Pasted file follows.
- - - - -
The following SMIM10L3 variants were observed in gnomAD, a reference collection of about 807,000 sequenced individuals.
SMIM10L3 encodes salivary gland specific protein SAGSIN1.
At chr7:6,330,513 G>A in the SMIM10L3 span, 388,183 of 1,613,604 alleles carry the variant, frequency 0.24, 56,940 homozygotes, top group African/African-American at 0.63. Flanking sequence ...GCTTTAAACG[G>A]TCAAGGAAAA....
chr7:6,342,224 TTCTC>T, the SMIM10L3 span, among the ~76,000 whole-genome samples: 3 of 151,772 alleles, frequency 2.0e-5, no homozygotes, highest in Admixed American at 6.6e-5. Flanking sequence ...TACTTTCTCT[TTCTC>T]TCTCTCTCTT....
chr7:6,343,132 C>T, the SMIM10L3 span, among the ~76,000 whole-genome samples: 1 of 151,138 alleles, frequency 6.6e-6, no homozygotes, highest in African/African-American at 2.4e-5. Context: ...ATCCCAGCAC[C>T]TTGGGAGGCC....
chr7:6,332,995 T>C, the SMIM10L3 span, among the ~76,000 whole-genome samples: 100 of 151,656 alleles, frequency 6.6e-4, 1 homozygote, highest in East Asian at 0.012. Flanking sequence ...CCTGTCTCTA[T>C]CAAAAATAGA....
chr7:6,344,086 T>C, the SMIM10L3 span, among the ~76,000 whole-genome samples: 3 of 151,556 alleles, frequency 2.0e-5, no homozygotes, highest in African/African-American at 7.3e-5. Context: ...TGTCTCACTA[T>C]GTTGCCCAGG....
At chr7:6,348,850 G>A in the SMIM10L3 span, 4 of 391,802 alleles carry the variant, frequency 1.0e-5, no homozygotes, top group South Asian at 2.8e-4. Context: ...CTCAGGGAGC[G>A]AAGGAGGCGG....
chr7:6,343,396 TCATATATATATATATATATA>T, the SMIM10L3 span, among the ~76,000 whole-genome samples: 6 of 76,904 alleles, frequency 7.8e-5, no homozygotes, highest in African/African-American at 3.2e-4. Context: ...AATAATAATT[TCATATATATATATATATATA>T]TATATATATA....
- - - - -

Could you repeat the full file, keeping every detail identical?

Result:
The following SMIM10L3 variants were observed in gnomAD, a reference collection of about 807,000 sequenced individuals.
SMIM10L3 encodes salivary gland specific protein SAGSIN1.
At chr7:6,330,513 G>A in the SMIM10L3 span, 388,183 of 1,613,604 alleles carry the variant, frequency 0.24, 56,940 homozygotes, top group African/African-American at 0.63. Flanking sequence ...GCTTTAAACG[G>A]TCAAGGAAAA....
chr7:6,342,224 TTCTC>T, the SMIM10L3 span, among the ~76,000 whole-genome samples: 3 of 151,772 alleles, frequency 2.0e-5, no homozygotes, highest in Admixed American at 6.6e-5. Flanking sequence ...TACTTTCTCT[TTCTC>T]TCTCTCTCTT....
chr7:6,343,132 C>T, the SMIM10L3 span, among the ~76,000 whole-genome samples: 1 of 151,138 alleles, frequency 6.6e-6, no homozygotes, highest in African/African-American at 2.4e-5. Context: ...ATCCCAGCAC[C>T]TTGGGAGGCC....
chr7:6,332,995 T>C, the SMIM10L3 span, among the ~76,000 whole-genome samples: 100 of 151,656 alleles, frequency 6.6e-4, 1 homozygote, highest in East Asian at 0.012. Flanking sequence ...CCTGTCTCTA[T>C]CAAAAATAGA....
chr7:6,344,086 T>C, the SMIM10L3 span, among the ~76,000 whole-genome samples: 3 of 151,556 alleles, frequency 2.0e-5, no homozygotes, highest in African/African-American at 7.3e-5. Context: ...TGTCTCACTA[T>C]GTTGCCCAGG....
At chr7:6,348,850 G>A in the SMIM10L3 span, 4 of 391,802 alleles carry the variant, frequency 1.0e-5, no homozygotes, top group South Asian at 2.8e-4. Context: ...CTCAGGGAGC[G>A]AAGGAGGCGG....
chr7:6,343,396 TCATATATATATATATATATA>T, the SMIM10L3 span, among the ~76,000 whole-genome samples: 6 of 76,904 alleles, frequency 7.8e-5, no homozygotes, highest in African/African-American at 3.2e-4. Context: ...AATAATAATT[TCATATATATATATATATATA>T]TATATATATA....